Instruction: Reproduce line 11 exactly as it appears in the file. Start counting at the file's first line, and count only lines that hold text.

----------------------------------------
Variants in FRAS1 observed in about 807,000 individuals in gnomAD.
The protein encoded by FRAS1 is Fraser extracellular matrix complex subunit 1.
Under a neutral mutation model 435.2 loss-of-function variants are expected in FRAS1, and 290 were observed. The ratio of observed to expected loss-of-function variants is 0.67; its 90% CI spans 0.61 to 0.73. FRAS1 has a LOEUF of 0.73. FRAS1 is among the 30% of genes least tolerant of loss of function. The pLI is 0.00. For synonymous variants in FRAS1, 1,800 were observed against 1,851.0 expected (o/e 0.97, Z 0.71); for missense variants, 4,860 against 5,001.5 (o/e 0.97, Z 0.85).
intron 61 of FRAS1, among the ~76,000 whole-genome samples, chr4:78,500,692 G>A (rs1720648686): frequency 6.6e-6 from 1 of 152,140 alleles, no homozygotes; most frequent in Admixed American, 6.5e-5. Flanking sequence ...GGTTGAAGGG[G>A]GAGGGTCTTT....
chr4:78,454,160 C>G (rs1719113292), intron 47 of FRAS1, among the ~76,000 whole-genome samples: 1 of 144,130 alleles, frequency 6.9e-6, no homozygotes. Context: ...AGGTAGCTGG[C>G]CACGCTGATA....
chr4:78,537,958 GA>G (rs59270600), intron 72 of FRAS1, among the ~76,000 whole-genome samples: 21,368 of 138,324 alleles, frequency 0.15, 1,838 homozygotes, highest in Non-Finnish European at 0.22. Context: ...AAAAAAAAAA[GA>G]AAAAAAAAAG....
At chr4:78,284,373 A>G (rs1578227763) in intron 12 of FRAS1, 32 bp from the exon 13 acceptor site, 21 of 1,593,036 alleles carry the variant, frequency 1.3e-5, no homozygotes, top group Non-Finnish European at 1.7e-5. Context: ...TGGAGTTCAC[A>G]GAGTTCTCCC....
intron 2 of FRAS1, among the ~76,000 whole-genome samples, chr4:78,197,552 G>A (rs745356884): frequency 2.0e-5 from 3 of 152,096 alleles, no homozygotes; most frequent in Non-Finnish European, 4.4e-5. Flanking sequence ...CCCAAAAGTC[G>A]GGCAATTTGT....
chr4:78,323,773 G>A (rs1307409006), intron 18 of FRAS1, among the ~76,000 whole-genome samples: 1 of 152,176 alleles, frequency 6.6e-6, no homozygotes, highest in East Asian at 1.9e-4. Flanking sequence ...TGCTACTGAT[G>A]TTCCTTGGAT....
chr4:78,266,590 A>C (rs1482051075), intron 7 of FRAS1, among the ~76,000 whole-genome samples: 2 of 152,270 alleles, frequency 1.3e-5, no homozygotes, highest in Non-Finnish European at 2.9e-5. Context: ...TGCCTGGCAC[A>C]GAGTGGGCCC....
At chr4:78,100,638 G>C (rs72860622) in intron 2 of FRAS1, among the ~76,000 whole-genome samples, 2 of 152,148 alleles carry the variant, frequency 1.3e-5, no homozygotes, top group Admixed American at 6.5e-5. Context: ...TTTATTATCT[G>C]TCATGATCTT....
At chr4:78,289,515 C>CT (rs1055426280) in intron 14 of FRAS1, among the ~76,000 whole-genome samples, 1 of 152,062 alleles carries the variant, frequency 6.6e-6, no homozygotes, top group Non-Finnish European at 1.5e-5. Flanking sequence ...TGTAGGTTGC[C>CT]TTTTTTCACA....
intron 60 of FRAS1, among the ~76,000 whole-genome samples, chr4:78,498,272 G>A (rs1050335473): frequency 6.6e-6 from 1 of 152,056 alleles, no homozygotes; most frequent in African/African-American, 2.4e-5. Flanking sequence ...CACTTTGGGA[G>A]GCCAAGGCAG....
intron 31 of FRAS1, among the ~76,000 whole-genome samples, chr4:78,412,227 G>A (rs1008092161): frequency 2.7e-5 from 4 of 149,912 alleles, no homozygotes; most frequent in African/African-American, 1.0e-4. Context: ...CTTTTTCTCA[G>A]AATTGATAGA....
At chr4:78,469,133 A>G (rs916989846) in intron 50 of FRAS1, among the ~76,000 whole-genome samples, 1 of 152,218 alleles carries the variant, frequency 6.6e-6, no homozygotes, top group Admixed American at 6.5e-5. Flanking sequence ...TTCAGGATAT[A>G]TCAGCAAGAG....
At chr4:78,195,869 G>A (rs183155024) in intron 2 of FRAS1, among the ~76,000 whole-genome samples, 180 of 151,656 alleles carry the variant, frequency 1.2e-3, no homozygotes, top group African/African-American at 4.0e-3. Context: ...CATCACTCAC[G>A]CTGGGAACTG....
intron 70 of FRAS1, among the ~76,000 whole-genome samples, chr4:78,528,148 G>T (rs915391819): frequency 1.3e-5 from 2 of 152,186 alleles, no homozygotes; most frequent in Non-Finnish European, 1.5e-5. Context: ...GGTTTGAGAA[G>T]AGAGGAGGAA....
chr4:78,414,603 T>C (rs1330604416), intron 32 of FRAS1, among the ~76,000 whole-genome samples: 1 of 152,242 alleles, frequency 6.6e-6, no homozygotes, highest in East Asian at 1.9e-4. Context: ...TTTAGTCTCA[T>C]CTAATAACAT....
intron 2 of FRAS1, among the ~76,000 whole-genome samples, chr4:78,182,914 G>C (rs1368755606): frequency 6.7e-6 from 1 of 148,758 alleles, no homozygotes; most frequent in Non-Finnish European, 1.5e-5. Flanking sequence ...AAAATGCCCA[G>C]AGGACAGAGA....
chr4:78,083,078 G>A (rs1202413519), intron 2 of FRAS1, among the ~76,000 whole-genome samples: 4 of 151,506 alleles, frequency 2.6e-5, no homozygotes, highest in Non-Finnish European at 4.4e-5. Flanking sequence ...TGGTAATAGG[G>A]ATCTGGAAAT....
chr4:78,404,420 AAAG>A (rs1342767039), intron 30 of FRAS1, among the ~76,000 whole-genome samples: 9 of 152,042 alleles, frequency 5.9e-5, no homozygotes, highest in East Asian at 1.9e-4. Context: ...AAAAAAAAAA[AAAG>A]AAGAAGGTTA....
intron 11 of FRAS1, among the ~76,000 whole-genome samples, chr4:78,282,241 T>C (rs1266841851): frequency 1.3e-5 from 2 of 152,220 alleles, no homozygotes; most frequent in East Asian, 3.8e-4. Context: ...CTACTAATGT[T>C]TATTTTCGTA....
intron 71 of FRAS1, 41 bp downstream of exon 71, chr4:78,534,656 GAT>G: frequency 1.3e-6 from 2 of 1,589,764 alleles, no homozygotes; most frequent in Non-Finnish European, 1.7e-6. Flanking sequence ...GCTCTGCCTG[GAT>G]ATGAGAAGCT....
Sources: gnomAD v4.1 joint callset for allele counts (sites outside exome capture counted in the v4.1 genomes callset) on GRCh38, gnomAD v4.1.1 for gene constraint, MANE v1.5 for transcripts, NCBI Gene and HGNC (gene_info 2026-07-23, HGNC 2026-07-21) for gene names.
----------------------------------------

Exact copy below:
At chr4:78,100,638 G>C (rs72860622) in intron 2 of FRAS1, among the ~76,000 whole-genome samples, 2 of 152,148 alleles carry the variant, frequency 1.3e-5, no homozygotes, top group Admixed American at 6.5e-5. Context: ...TTTATTATCT[G>C]TCATGATCTT....